One of the claims you hear from insurance salespeople is that life insurance is an investment. Since a whole life policy builds cash, if you live past the age you feel you need life insurance, you can turn it in to the insurance company, or you can get a life settlement, and walk away with a chunk of cash to use as you wish.
Additionally, the recent financial crisis has many wary of riskier investments in the stock market. With retirement accounts down, many feel life insurance policies that build cash value are a good way to add more stability and safety to an investment portfolio. While this might be true in some cases, it's important to understand a few fundamental truths about life insurance policies that build cash value.
Safety = Low Returns
One thing to remember about life insurance as an investment is that it offers low returns. A cash-building whole life insurance policy builds cash at a fairly slow rate. You're guaranteed a return eventually - as long as the insurance company stays in business. You can even borrow against the cash value built up in the policy in some cases. This makes it possible for you to have access to your cash.
However, this safety and access comes with a price: Low returns. In most cases, with basic whole life insurance policies, you will be lucky to beat inflation with the returns. The low returns could mean difficulty meeting your retirement goals if you rely too heavily on a cash policy to help fund your retirement. It's one thing if you want to invest in life insurance to add security to your portfolio. But you'll need to add more risk if you want your money to grow at a rate that'll help pay for retirement. For the most part, investments in life insurance are made by wealthy investors looking for a little more diversity and security.
Increased Return Potential: Equity Indexed Life Insurance
If you're interested in the possibility of higher returns, while still retaining some of the safety associated with life insurance, it is possible to make use of universal life insurance policies that are equity indexed. An equity indexed universal life policy is one that's tied to a stock, fund or bond index. Such a life insurance policy comes with two main components:
- Minimum guaranteed rate: Most equity indexed universal life policies have a guaranteed minimum interest rate. This is normally a rather low rate, usually around 2%. Your return is guaranteed at this annual yield, no matter what happens with the markets. It provides some safety.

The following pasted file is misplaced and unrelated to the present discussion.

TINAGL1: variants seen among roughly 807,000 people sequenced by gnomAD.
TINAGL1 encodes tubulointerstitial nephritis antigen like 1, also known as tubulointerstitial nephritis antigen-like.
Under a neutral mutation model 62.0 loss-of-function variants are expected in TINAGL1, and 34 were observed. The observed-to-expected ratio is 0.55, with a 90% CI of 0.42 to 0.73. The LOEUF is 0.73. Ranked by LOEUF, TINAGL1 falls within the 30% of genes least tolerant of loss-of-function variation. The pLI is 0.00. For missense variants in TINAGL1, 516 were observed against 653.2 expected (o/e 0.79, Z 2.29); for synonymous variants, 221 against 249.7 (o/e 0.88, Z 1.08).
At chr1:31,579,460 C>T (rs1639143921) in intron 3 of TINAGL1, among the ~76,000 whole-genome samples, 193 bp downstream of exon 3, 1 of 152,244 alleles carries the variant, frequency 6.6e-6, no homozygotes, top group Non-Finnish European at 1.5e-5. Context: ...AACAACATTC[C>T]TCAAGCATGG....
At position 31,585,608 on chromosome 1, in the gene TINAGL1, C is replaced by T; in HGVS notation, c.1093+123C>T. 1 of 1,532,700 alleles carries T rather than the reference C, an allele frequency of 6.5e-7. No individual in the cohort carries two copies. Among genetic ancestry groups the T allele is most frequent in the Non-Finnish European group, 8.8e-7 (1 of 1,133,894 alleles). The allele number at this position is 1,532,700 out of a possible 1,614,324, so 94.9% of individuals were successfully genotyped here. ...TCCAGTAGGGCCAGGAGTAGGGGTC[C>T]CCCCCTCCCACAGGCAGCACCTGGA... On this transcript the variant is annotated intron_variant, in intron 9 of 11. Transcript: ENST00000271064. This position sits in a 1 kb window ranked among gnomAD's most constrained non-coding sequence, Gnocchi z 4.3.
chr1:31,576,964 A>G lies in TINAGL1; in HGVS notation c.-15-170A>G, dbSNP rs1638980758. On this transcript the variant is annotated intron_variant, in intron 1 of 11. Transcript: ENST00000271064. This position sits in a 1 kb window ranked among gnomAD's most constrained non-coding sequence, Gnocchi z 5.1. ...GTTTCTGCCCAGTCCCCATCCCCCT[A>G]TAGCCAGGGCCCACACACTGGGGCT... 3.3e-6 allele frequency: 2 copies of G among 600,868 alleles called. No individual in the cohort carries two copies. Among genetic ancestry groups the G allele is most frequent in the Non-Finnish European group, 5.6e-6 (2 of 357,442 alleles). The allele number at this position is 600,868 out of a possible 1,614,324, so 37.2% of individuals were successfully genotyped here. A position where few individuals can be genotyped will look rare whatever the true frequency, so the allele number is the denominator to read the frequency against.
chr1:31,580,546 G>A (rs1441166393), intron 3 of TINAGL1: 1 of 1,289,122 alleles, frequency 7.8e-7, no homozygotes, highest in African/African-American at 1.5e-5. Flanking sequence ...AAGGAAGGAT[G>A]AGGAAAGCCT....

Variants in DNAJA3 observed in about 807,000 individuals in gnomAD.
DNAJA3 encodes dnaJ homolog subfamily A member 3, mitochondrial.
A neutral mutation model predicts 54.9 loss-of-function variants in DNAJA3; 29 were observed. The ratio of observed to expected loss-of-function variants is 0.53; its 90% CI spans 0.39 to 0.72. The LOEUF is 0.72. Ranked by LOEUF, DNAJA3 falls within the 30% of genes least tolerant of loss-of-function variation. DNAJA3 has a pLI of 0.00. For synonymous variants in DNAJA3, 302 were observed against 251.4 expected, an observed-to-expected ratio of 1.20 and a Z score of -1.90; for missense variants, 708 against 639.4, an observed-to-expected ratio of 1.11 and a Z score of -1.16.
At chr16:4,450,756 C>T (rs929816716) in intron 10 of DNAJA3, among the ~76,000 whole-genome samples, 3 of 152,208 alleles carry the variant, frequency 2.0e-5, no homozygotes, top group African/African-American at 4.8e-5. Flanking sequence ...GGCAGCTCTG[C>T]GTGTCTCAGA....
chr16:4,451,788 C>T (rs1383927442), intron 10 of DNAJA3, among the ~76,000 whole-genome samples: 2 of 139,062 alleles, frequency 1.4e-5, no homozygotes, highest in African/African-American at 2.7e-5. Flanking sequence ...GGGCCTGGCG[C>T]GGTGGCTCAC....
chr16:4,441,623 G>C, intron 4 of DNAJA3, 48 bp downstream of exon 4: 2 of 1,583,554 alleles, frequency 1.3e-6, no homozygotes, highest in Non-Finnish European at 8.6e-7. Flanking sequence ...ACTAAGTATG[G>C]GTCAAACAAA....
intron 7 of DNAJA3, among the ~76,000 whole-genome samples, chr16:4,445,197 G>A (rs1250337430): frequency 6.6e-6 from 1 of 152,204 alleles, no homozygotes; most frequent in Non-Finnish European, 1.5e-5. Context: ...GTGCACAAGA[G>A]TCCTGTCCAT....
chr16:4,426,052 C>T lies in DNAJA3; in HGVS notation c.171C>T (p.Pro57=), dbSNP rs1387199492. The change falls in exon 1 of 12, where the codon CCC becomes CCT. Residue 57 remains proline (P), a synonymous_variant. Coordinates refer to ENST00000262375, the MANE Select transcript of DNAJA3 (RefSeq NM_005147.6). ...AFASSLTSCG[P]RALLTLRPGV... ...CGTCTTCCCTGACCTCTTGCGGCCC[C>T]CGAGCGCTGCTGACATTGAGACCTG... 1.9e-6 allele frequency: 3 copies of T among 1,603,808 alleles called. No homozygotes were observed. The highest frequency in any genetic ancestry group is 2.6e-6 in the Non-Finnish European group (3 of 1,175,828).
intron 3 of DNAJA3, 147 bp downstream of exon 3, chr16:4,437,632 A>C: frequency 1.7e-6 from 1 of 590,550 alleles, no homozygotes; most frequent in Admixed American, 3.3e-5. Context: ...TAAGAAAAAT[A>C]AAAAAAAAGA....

- Indexed account option: In addition to a minimum guaranteed return, an equity indexed life insurance policy is also connected to the movements of the market. You can choose from among proffered indexes, and link your account so that when the market rises, you benefit. If the market in question falls below your minimum guaranteed return, you don't lose anything; you simply earn your minimum.
In addition to combining safety with the possibility of better returns, equity indexed universal life insurance policies also often cost less than regular variable life policies. This is because life insurance companies are assuming less of the responsibility for returns. However, it's important to be aware of the costs and fees associated with some of these equity indexed life insurance policies. You might find your returns eroded.
Using Term Life in Your Investing Strategy
Instead of using permanent life insurance as part of an investing strategy, some choose to use term life as part of an investing strategy. To be more accurate, those who use term life view insurance as just insurance, and want to pay as little as possible. After getting a cheap term life insurance policy, many choose to take the difference between what they would have paid for a more expensive whole life policy and what they pay now, and invest it. This money could be invested in riskier assets that have great growth potential, or they be invested in assets with more moderate growth.
The idea is that it is possible to get a better return for the money by investing in stocks, bonds, funds, currencies or commodities, rather than putting the money into a permanent life insurance policy that offers low returns. In these cases, enough term life insurance is bought to protect the family from financial disaster, and investments are made to help build a nest egg. When the term life insurance expires (usually around retirement for many), it is not renewed, and the assumption is that a rather significant nest egg is available for use.
For many, this proves an effective investment strategy. However, in times of market crashes, there are often difficulties. The value of the assets invested in can decrease to a point where losses are sustained. On top of that, the term life insurance expires, and you receive nothing back (unless you have a special policy that allows refunds a portion of your premiums).
Everyone's situation is different. For some, a whole life insurance policy that builds cash value is a good idea. It provides a safe way to earn some returns, providing a safety net to help shore you up during tough economic times. However, at the same time, it is rarely wise to rely entirely on your cash building life insurance policy to fund your retirement. You usually need some riskier investments with higher growth potential. You can consult with a financial or investment professional who can help you plan your finances, and who can help you decide whether life insurance fits into your investment plan.